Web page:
Generating antibodies

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Drawing of an antibody - heavy chains red, light chains yellow.

You are hot in pursuit of an interesting protein but there are no commercial antibodies or they are bad. It's time to think about raising your own antibodies against the protein. It will be a time and money consuming undertaking but once you developed a specific antibody or set of antibodies, you will be in a unique position to generate interesting data.

Early decisions

Type of antibody

polyclonal (a mix of antibodies with different specificities)
  • faster to generate
  • less specific
  • cheaper than monoclonals
monoclonal (many copies of the same antibody)
  • slower to generate
  • more specific
  • after initial setup no animals required; unlimited production from immortal cell line
  • antigen can be impure; subsequent selection of hybridoma clones
  • more expensive than polyclonals

Source organism

Common animals for raising antibodies include rabbit, goat, mouse (required for monoclonal antibodies), and even llamas [1]. The choice depends on which antibodies will be used in conjunction with antibody to be generated and which type of antibody is desired.

Type of antigen to use

full-length protein
  • likely to produce a conformational epitope useful for recognition of folded protein
  • purchase or purification of full-length protein typically more expensive/time consuming
  • full-length protein may not be availalbe and purification may prove difficult
  • natural selection of epitope but epitope location initially unknown
  • epitope may not be specific to protein
  • likely to produce a linear epitope useful for recognition of primary sequence as in immunoblots
  • cheaper, less effort (more readily available instruments)
  • antigen can typically be synthesised without problems
  • known epitope
  • but possibly low antigenicity

Peptide selection

Example of a protein's hydrophobicity according to 2 different scales. Made with R. Bowen's tool.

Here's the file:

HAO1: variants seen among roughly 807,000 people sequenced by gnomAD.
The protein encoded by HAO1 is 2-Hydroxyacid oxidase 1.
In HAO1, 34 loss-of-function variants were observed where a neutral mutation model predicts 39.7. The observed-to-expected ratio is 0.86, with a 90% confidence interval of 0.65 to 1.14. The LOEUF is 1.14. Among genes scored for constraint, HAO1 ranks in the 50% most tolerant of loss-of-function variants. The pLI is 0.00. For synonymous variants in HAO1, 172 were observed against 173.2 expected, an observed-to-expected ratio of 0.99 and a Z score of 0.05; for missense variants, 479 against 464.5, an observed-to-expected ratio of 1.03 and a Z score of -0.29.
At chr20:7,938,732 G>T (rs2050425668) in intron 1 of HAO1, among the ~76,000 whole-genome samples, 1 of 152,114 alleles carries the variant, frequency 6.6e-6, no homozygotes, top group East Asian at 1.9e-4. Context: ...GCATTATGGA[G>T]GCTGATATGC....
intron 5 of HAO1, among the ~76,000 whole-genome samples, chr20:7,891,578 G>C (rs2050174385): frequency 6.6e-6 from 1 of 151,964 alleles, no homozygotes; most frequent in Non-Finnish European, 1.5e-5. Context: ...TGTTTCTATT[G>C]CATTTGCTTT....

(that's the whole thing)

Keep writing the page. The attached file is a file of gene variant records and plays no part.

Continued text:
If you decide to raise antibodies against a peptide or several peptides from the target protein, you will be faced with the question which region to choose. The gist is, you want to pick a 15-20 residue peptide that is on the surface of the protein, i.e. has a high hydrophilicity. Another common approach is to pick sequences from the ends of the protein, since they are typically exposed. Avoid cysteines if possible, since peptides will often be coupled via Cys residues to carriers and since disulphide bridges alter the shape and thus the recognition by antibodies. Still, peptide selection is trial and error.

Online tools

Sequence plots

  • ExPASy's classic ProtScale tool allows you to check a protein sequence against various amino acid scales including several for hydrophilicity/-phobicity
  • pepwindow hydrophobicity tool from the Institute Pasteur (default Kyte-Doolittle)
  • Hydrophobicity tool by Colorado State Uni - well documented but x scale not sufficiently subdivided


Boosting the immune reaction

A small peptide is often not enough to elicit sufficient antibody production. Several methods, also in combination, can be used to stimulated the immune system.

  • Multimers of the peptide often increase antibody synthesis. Multimers can be made by linking several copies of the peptide as branches to a carrier peptide chain.
  • Adjuvants are mixtures co-injected with the antigen to stimulate the immune response. Complete Freund's adjuvant (CFA), typically made from inactivated mycobacteria, is a common choice. However, newer adjuvants like Ribi's adjuvent and Titermax are safer for both scientist and animal. [2] See also adjuvant in the wikipedia.


  • protein or peptide preparation is not pure; contaminant is more immunogenic than desired epitope; resulting antibody does not recognised the right target

See also

External links

Protocol Online (methods forum)